8. Have you thought of more kids after these 3 come home? I'm about 75% positive we are done. Reason I say that is b/c we have said we are DONE after every single adoption. Though I am pretty positive we're done, if the opportunity presents itself I would do it again in a heartbeat. Especially, Bulgaria. Love the country! And, the fact that we've never ever had a little one ever, is another reason. Don't think I'll ever get my "little one" but one can always hope. Plus, when you go to the older kids home and know they have little to no chance, it is hard to walk away and say you'd do nothing if you actually can. Shoot, there are two CF sibs I'm advocating for. They weigh heavy on my heart. Same for these 2 girls I met and Logan & R's orphanage. Oh my, oh my. They are just wonderful. Yes, they are older but for some reason all these years, though never planned, we always get steered toward the older kids. And that is perfectly fine w/ us. Whether we have ten or twelve, I'm good. Plus, once you past two kids, you're outnumbered anyways. Think though, I may just have to wait for those grandkids this time. Got quite a few more years on that though. Many years on that one.
9. Are you going to move? Yes. Whenever we sell the house. We are prepping the house now to sell. We will sell as is as it is impossible to keep "show ready" with this many kids and dogs.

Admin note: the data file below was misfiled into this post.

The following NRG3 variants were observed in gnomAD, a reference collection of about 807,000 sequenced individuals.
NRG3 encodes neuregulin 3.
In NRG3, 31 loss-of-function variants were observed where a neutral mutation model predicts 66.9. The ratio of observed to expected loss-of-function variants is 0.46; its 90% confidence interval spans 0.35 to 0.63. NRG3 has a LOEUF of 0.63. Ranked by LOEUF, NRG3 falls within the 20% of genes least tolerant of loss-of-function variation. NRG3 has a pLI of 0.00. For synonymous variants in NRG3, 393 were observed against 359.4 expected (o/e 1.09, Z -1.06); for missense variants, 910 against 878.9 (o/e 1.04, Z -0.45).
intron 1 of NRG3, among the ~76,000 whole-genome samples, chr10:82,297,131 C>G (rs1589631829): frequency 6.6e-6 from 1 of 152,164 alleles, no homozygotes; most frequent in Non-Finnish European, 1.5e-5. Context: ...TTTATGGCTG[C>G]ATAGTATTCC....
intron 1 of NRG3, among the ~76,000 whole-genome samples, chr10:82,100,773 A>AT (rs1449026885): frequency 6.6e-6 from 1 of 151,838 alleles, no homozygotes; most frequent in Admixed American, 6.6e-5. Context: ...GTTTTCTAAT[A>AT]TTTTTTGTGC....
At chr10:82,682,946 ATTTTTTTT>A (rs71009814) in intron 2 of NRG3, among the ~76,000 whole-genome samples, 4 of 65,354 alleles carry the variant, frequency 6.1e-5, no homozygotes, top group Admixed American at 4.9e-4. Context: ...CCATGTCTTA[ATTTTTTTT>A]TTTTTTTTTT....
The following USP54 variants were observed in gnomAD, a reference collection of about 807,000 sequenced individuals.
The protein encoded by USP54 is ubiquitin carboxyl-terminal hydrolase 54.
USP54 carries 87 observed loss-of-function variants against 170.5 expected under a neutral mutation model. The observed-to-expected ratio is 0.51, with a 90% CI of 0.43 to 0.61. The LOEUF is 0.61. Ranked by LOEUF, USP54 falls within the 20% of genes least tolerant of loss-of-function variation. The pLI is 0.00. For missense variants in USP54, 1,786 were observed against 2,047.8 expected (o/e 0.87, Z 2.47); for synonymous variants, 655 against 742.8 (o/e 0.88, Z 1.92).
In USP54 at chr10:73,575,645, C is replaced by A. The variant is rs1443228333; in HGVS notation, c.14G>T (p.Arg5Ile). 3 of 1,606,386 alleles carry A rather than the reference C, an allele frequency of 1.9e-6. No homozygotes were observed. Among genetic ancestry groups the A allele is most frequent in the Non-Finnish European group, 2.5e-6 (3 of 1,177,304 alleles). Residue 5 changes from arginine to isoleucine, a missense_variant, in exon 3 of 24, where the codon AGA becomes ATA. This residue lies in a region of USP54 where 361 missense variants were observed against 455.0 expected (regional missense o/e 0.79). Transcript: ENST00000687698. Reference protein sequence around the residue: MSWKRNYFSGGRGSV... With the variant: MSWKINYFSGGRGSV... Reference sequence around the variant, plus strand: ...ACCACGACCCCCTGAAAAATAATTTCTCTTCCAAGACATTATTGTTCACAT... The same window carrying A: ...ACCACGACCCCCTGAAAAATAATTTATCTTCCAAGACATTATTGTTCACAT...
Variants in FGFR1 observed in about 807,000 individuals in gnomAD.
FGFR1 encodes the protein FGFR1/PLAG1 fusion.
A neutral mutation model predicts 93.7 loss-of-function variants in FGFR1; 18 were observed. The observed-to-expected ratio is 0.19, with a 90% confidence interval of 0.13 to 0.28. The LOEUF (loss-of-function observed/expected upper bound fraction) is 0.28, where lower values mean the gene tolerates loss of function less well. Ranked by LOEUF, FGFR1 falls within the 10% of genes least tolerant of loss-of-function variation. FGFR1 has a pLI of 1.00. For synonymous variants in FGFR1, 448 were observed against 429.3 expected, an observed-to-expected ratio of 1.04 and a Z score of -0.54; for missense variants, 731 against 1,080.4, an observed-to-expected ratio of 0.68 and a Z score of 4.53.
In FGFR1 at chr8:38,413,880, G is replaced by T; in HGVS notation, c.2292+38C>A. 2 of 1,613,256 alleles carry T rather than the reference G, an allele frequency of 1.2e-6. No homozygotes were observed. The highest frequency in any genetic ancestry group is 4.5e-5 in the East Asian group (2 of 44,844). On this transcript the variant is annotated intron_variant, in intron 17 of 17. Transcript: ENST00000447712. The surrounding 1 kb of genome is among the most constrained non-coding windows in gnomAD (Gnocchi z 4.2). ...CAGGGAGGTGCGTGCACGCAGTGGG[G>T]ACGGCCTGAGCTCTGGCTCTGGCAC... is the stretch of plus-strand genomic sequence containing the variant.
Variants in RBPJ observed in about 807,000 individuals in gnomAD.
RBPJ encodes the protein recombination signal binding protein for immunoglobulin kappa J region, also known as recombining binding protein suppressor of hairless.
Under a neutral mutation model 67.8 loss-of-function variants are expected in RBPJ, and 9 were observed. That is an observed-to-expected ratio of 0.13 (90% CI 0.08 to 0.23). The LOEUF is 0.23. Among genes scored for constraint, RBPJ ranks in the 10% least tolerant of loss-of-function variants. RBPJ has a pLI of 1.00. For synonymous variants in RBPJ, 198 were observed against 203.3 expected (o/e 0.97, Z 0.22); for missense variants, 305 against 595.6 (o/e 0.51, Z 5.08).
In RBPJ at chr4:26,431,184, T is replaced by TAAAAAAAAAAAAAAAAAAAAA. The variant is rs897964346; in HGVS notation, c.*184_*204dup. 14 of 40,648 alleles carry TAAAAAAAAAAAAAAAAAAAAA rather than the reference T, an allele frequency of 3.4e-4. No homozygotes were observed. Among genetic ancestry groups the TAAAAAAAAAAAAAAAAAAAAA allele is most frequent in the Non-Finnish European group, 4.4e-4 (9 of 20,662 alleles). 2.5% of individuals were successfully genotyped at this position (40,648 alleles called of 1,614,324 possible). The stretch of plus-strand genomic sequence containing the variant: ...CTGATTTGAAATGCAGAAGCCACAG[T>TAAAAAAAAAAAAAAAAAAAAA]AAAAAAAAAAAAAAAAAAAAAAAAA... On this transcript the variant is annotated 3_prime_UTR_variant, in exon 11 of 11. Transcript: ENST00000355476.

10. How do you manage so well w/ all the issues the kids have? thanks for the compliment. Some days we manage well, some days we don't. When we've had a particularly hard FAS day, I try to write about it on here some times. I want others to know it is not always smooth sailing. I think though we manage b/c we have gotten used to a lot of the chaos that comes w/ FAS and other issues our children have. That and lots and lots of humor. Lots of humor. Some days though, I admit. I lose it. I do. Yesterday comes to mind. I roped off the upstairs w/ a dog leash. I did. Max's solution to their room being a mess was not to clean it like I suggested. Oh no. His suggestion was that simply NO ONE go upstairs. Now, another kid that was here could see what was coming. He said "Ms. Stephanie, can I please go upstairs and get my shoes?" He could sense I would do something for Max's sarcastic comment. Yes, he got his shoes. Anyhow, I said "fine Max. Fine. We'll do it your way." So, I roped off the upstairs. Alex said "great Max, look what you've done now!" I'm telling you, Alex is catching on more and more these days. The rope didn't stay up long. It was more of a statement. Got through to some but definitely not all. Also, chocolate. Well, that's just for me. Chocolate is like coffee for me. Though the whole time I was in Bulgaria I only had chocolate once. Sometimes though, when you're in the midst of a crazy RAD/ FAS type of crisis, nothing makes you think better than a 3 Musketeers bar. I think Warren can sense when I've had a crazy, crazy day at home. He'll bring me one of those prized bars home. Seriously though, we do seem to manage. It's more of a controlled chaos some days. And that's okay. Not everyday is going to be roses. It can't be. That's just not normal for any family on this planet. But, for the most part, we get along alright. It is mostly Warren and I being on the same page when it comes to the kids. Knowing when the other may need a break. Not letting the kids get the better of us. --easier said than done some days. Thinking to myself this is only one day out of many. With every new day there's fresh hope. And there is. Some times we'll put the kids to bed and say to them tomorrow is going to be a better day, right? yes, mom. A few minutes ago I kicked Nik out of the pool for trying to hold his sister under water. Teens were all in the pool and had enough witnesses to know it was indeed Nik. Alyona confirmed. She was in bad shape emotionally. Nik was kicked out of the pool for the rest of the night and tomorrow. He's getting a shower & I'm sending him to bed. He's knows he did wrong. He's not thinking clearly at all any more. I can't put off the evident any longer. He is ADHD and I know it. Have known for years. I have a few w /that dx here. But today was clearly the last straw. Nik will be getting an appointment and we'll start the trial and error of medication. I was hoping I could handle his ADHD w/out it but no way. Safety is becoming an issue for sure. Don't worry, Alyona is fine. She went back swimming. That's how we manage though. Something comes up, you handle the most critical item that is happening. Our kids all have mental health, behavioral and emotional issues. They all act without thinking most of the time. You have to balance these types of problems with normal family life. We do go places with our kids. To us, it's important. We think it's important to be semi-normal in a not so normal household. Though we really haven't gone much of anywhere these past few weeks, my kids have had tons of fun w/ friends. It's 8:20 at night & we're letting them swim. Friends are over at the house now swimming w/ them. Point is, we manage but not focusing on the disorder but on the child themselves. What is important to them. What are they doing. Not, what does FAS or RAD or PTSD or whatever do to them. I think that is how we manage the way we do. Okay, before the police are called for noise levels here, I must go lower them.